I do a LOT more networking. Lunch with friends. That kind of thing.
posted by axoplasm at 9:41 AM on January 12, 2015 [3 favorites]


fifteen schnitzengruben is my limit: I also vaguely recall some anecdote about how phone sex lines peak around 10 am when executives are bored at work.
OK, that reminded me of another motivator for people jerking it at work: their intolerant SOs won't know. I know of sex workers who only work during "normal business hours".
posted by IAmBroom at 9:42 AM on January 12, 2015 [1 favorite]


Keeping flying sanitary napkins off the internet isn't slacking. It's public service.
posted by ckape at 9:43 AM on January 12, 2015 [3 favorites]


Lisa, if you don't like your job you don't strike, you just go in every day and do it really half-assed.

-Not Doing Better Than Our Parents and Loving It (Or, Why Keynes Was Right)
-Hey Keynes, whatever happened to our 15-hour work week?
-Is Work More Like Leisure or is Leisure More Like Work?
-Prospects of a Keynesian utopia

fwiw, re: the changing nature of 'work' posted by kliuless at 9:45 AM on January 12, 2015 [13 favorites]


I googled "snowball sampling", and now the porn-at-work stat's up to 71 percent.
posted by Devonian at 9:50 AM on January 12, 2015 [14 favorites]


And THAT is how the Germans won the war!

If you read the wiki article, the guy who said that was fervently anti-nazi, tried to kill hitler (as did his sons), and was fired by Hitler for not being sufficiently supportive of National Socialism, and then joined the resistance. So I think his management technique probably didn't matter much to the outcome.
posted by empath at 9:53 AM on January 12, 2015 [7 favorites]


Hee,

I'm now laughing, that this thread about slacking is now leading to some extra intense slacking here, as I now have to read all of kliuless great links.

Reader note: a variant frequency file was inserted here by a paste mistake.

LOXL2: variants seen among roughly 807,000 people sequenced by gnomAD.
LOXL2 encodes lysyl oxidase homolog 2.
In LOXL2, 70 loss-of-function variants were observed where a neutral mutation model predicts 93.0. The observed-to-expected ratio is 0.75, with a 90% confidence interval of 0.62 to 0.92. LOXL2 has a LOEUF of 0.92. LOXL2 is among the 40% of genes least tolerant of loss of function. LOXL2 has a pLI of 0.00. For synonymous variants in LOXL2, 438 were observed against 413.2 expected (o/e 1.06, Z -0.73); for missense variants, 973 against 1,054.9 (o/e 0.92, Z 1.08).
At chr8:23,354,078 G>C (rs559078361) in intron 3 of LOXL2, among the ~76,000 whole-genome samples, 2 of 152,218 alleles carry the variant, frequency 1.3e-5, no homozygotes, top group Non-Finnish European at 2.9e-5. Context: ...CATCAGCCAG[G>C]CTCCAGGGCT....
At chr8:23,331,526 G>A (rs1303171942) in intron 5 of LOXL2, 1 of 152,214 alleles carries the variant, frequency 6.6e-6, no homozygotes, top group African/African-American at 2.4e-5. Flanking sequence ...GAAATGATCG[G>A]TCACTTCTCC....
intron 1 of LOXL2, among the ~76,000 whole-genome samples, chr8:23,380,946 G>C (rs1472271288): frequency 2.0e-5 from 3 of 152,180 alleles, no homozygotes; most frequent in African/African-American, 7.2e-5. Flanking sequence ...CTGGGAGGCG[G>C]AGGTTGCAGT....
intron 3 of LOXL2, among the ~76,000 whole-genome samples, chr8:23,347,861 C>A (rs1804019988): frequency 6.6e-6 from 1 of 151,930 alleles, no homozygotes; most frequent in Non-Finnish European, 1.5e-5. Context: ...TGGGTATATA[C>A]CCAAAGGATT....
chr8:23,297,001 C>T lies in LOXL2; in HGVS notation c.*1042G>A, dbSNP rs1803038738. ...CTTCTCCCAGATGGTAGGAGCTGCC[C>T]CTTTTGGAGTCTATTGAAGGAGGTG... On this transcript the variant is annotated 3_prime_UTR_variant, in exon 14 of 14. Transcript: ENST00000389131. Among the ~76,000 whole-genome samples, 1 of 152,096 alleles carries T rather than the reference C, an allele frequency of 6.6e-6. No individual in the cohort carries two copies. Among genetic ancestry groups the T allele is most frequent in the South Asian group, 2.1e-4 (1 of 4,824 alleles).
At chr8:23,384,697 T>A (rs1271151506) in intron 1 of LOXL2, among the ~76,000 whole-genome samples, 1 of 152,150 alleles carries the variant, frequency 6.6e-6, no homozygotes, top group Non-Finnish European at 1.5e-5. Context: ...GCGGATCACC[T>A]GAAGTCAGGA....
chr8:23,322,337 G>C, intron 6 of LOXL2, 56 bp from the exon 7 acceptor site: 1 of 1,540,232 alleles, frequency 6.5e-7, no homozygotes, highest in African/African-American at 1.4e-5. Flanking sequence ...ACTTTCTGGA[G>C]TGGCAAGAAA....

I have a meeting in 10mins, then maybe 45mins of actual work to do in 4 hours. I would have had more to do today but three people that were supposed to be here aren't and I can't do what I have on schedule to do without them. Such is the nature of my job. My CEO is finally understanding that when she agrees to do something most of the time it means I have to practice twiddling my thumbs until it's done. One of the redeeming features of this job is that I regularly get to tell my bosses what to do and act all perturbed when they don't do the task or at least inform me that there is a time issue with it.
posted by Jalliah at 9:58 AM on January 12, 2015 [1 favorite]


Hey, if you have time to lean, you have time to clean!

I have not achieved nearly all I thought I would in my life, but I count as one of my main successes my progression from busywork jobs to a profession that give me clear goals to complete during a specific period of time. I no longer sit at my desk waiting for it to be 5pm (oh god, that 2:30 energy crash!). The trade-off is that I'm often working at midnight because I spent too much of the daylight distracted, but I know what I need to get done, and even better, I know when I've done it. That certainty allows me to feel ok about my slack periods because I only need to answer for what I did, not what I was doing when I did it. Not having to spent 8 hours at a desk or counter is the best thing that has ever happened to my mental health.
posted by bibliowench at 9:59 AM on January 12, 2015 [1 favorite]


Now also seems like a good time to link to one of my favorite King Missile songs, Take Stuff From Work. "It's your duty as an oppressed worker to steal from your exploiters."
posted by fifteen schnitzengruben is my limit at 10:47 AM on January 12, 2015 [1 favorite]


...fervently anti-nazi...tried to kill hitler...[joined the resistance]...was fired by Hitler for not being sufficiently supportive of National Socialism...

That's the understatement of the year.
posted by cosmic.osmo at 11:02 AM on January 12, 2015 [3 favorites]


I love this categorization, but then, I'm clever + lazy.

My immediate boss: clever and diligent
Her boss: same
Their boss: Diligent and Stupid.

Thus, our department was told this week that the metrics we know should count (productivity, profitability), both of which are up in the last year, aren't important to D&S; he wants us to work more overtime. He is upset that we are clever enough to do our work well and get done by 5, he wants to see people at their desks after 5.

We at least get paid for our overtime, but at some point, you want your life back.

I am getting a lot of personal projects worked on, though.
posted by emjaybee at 11:05 AM on January 12, 2015 [6 favorites]


I always presumed everyone on Metafilter had one of these jobs? If it wasn't for slacking Metafilter would be dead.

Speaking for myself, I hardly spent any time on here until yes, I got one of those jobs. One of those glorious glorious jobs.
posted by wyndham at 11:20 AM on January 12, 2015 [2 favorites]